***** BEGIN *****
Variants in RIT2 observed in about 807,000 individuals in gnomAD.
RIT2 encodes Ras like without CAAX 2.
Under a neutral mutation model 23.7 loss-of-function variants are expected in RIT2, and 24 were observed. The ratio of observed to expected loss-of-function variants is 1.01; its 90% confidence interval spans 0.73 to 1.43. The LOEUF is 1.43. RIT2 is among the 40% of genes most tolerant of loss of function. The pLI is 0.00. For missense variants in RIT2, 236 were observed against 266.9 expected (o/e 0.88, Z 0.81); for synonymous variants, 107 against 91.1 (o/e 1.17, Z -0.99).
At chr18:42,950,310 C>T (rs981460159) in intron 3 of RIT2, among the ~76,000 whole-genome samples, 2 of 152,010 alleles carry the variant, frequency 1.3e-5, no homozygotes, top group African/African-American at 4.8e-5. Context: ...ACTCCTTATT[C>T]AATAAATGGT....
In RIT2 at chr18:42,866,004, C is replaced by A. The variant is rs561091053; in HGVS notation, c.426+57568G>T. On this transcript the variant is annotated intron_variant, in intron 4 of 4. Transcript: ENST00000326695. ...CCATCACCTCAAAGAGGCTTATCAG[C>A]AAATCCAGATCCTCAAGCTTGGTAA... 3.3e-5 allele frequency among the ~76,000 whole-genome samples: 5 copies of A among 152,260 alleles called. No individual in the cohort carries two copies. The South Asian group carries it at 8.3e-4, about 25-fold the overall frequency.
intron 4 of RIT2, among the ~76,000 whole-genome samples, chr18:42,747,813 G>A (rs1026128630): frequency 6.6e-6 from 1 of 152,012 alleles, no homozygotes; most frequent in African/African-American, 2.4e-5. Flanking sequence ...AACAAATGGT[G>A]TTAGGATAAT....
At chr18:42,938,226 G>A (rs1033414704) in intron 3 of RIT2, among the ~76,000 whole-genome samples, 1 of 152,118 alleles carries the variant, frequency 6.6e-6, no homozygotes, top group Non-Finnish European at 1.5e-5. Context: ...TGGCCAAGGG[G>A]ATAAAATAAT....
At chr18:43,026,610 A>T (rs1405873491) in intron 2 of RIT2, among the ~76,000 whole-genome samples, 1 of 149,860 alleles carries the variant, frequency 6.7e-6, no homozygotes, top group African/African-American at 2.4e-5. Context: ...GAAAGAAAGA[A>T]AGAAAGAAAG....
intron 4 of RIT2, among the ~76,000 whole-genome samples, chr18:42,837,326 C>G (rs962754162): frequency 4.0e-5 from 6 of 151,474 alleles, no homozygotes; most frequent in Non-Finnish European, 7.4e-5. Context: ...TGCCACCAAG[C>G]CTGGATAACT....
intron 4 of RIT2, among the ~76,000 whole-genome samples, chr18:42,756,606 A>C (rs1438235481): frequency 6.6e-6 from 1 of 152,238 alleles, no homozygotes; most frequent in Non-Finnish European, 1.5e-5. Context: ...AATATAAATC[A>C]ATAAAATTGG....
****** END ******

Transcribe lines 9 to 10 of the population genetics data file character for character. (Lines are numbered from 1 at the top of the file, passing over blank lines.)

intron 4 of RIT2, among the ~76,000 whole-genome samples, chr18:42,837,326 C>G (rs962754162): frequency 4.0e-5 from 6 of 151,474 alleles, no homozygotes; most frequent in Non-Finnish European, 7.4e-5. Context: ...TGCCACCAAG[C>G]CTGGATAACT....
intron 4 of RIT2, among the ~76,000 whole-genome samples, chr18:42,756,606 A>C (rs1438235481): frequency 6.6e-6 from 1 of 152,238 alleles, no homozygotes; most frequent in Non-Finnish European, 1.5e-5. Context: ...AATATAAATC[A>C]ATAAAATTGG....